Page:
Who then can doubt but this fatal wound given to the Papal power, this sudden and most astonishing exhibition of the filthy abomination of the Papal see, fulfilled a vial of the wrath of God on that corrupt system? And who can doubt but this was the first vial, which was to operate as a noisome, grievous sore upon the men who had the mark of the beast, and who worshipped his image? With such a rankling, deadly sore they indeed did languish, under the developement of the abominations of their system, and under the progress of the doctrines of the reformation. The Lamb now appeared on mount Zion; (Rev. xiv, 1;) or Christ appeared in his Church, for the salvation of his cause; and for the confusion of his enemies. This his appearance marked the commencement of a new era of judgments upon the wicked. And they have never found any thing like a healing. The total filthiness of their system stands exposed before the nations, as in the light of the meridian sun, And this eyent was the first fatal stroke toward their destruction!
* Hist. Ch. V, vol. iv, p. 320,
THE SECOND VIAL.
And the second Angel poured out his vial upon the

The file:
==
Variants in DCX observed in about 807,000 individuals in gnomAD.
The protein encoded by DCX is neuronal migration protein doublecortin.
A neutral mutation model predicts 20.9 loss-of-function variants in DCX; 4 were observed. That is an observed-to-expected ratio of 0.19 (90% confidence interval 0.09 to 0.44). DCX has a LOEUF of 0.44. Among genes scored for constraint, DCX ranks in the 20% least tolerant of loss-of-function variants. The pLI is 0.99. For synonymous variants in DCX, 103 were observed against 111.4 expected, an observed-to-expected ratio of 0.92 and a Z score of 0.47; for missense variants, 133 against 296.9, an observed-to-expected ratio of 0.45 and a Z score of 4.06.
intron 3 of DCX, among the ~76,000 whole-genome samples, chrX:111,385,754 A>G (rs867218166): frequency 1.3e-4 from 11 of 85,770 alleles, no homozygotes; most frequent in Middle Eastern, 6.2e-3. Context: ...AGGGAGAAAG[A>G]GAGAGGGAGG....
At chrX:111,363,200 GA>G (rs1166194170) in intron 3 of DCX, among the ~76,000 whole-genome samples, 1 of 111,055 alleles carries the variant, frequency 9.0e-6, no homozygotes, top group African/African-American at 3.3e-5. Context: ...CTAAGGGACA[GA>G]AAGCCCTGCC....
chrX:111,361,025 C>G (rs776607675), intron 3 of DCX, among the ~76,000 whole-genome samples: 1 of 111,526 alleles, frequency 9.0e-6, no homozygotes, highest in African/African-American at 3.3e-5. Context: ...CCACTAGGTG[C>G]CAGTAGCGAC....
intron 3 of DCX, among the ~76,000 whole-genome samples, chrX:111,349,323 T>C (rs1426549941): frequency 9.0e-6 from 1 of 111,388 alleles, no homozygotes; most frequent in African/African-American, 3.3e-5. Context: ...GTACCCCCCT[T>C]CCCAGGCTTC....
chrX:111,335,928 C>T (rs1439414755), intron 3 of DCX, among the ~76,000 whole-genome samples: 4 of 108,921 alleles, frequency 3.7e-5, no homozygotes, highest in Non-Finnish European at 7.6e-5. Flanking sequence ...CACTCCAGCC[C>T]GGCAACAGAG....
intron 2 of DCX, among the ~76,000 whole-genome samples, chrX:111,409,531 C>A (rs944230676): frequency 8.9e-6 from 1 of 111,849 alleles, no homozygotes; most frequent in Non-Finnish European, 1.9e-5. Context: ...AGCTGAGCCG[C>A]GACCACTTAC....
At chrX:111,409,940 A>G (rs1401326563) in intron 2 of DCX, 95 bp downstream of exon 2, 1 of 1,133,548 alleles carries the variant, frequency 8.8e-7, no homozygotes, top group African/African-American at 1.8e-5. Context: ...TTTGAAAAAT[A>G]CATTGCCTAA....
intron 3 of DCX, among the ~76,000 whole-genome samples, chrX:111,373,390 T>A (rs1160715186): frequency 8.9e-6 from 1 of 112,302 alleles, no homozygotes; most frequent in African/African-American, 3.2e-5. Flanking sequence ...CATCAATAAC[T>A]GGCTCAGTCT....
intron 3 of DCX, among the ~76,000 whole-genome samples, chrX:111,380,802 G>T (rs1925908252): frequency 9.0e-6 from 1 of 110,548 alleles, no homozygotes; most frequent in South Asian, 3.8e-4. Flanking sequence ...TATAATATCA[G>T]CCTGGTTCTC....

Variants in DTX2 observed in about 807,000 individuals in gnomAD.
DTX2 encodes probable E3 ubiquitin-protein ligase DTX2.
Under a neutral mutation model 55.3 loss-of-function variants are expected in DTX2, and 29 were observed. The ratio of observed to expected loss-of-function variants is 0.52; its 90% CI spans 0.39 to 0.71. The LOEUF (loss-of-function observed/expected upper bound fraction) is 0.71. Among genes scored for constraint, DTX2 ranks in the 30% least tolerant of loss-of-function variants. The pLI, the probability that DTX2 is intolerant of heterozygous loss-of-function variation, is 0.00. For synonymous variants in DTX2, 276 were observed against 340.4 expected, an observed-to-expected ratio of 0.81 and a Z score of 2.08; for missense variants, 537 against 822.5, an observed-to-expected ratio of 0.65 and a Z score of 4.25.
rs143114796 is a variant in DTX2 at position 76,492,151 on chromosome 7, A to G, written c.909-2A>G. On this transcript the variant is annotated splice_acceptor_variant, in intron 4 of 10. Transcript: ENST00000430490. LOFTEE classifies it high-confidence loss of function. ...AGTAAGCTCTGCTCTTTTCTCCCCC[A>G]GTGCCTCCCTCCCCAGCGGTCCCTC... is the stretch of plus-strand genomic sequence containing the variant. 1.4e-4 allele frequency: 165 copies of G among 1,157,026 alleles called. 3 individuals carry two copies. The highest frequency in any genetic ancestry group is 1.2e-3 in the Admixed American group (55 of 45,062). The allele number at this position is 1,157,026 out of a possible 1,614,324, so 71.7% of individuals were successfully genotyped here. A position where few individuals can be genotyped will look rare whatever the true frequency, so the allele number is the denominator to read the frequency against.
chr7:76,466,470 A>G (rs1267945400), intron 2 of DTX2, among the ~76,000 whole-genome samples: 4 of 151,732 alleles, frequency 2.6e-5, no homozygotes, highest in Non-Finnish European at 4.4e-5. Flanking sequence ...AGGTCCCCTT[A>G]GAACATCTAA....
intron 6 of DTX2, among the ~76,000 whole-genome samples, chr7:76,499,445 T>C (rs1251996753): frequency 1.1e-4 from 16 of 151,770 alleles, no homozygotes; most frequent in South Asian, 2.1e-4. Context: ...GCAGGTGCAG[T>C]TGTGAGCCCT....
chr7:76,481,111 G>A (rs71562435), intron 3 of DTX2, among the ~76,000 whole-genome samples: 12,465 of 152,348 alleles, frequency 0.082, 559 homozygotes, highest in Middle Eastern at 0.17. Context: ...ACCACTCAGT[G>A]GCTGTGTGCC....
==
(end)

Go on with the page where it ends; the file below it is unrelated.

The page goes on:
sea; and it became as the blood of a dead man: and every living soul died in the sea. (Rev. xvi, 3.)
As by the earth, on which the contents of the first vial were discharged, is to be understood the corrupt system of the Papal hierarchy; by the sea in the second vial we are to understand the multitudes of people in the most central parts of the Papal dominions. I will show thee the judgment of the great whore, that sitteth upon many waters.
The waters, which thou sawest, where the whore sitteth, are people and multitudes, and nations and tongues.* Here probably we are presented both with the sea in the second vial, and the rivers and fountains of water in the third. The two vials, the second and third, divide them into sea, and rivers and fountains of water. By the sea then in this second vial, we are naturally led to understand the most cen. tral parts of the Papal delusion. Italy first presents itself, as entitled to this symbolic appellation. And probably the great Papal nations bordering upon it, Germany, France, and possibly Spain, are to be viewed in a sense included in this sea, as the instruments of the judgment of this vial. There appears a fitness in symbolizing Italy by the sea. At the commencement of the sixteenth century it was a great collection of different states and governments, of jarring and contending interests. This remark indeed held true of the great Papal nations bordering upon Italy, which were in a sense included in the sea in this vial, as the instruments of the judgment. Those great Papal nations locally united, may be viewed as being at that time a vast collection of contending interests, both as great nations in relation to each other; and as containing partial, discordant interests in each nation, which grew out of the peculiar circumstances of the feudal times. These jarring, internal interests, without any common princi. ple of strength sufficient to unite them, much resembled the tempestuous sea.